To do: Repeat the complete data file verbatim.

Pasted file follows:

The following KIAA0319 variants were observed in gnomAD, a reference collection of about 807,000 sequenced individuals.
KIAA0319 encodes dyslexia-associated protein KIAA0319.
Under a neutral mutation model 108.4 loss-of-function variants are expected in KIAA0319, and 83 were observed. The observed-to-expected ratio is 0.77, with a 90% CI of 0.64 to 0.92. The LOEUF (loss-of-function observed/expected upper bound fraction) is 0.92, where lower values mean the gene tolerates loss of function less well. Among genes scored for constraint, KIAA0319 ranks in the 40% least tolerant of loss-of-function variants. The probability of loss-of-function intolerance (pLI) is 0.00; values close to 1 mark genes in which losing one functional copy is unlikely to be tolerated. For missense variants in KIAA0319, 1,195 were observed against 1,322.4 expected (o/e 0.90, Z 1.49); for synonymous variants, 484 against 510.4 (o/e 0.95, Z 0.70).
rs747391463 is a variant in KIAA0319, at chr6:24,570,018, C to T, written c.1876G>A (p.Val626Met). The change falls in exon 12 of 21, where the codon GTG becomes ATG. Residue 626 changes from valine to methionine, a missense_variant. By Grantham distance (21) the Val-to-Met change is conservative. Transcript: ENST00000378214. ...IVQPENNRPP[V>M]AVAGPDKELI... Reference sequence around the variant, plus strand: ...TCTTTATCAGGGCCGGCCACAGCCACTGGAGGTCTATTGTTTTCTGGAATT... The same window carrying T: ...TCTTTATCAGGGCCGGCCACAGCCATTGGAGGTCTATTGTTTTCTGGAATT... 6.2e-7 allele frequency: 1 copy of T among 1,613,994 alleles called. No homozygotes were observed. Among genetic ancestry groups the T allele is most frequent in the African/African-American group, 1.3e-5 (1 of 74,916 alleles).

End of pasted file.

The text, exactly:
The following KIAA0319 variants were observed in gnomAD, a reference collection of about 807,000 sequenced individuals.
KIAA0319 encodes dyslexia-associated protein KIAA0319.
Under a neutral mutation model 108.4 loss-of-function variants are expected in KIAA0319, and 83 were observed. The observed-to-expected ratio is 0.77, with a 90% CI of 0.64 to 0.92. The LOEUF (loss-of-function observed/expected upper bound fraction) is 0.92, where lower values mean the gene tolerates loss of function less well. Among genes scored for constraint, KIAA0319 ranks in the 40% least tolerant of loss-of-function variants. The probability of loss-of-function intolerance (pLI) is 0.00; values close to 1 mark genes in which losing one functional copy is unlikely to be tolerated. For missense variants in KIAA0319, 1,195 were observed against 1,322.4 expected (o/e 0.90, Z 1.49); for synonymous variants, 484 against 510.4 (o/e 0.95, Z 0.70).
rs747391463 is a variant in KIAA0319, at chr6:24,570,018, C to T, written c.1876G>A (p.Val626Met). The change falls in exon 12 of 21, where the codon GTG becomes ATG. Residue 626 changes from valine to methionine, a missense_variant. By Grantham distance (21) the Val-to-Met change is conservative. Transcript: ENST00000378214. ...IVQPENNRPP[V>M]AVAGPDKELI... Reference sequence around the variant, plus strand: ...TCTTTATCAGGGCCGGCCACAGCCACTGGAGGTCTATTGTTTTCTGGAATT... The same window carrying T: ...TCTTTATCAGGGCCGGCCACAGCCATTGGAGGTCTATTGTTTTCTGGAATT... 6.2e-7 allele frequency: 1 copy of T among 1,613,994 alleles called. No homozygotes were observed. Among genetic ancestry groups the T allele is most frequent in the African/African-American group, 1.3e-5 (1 of 74,916 alleles).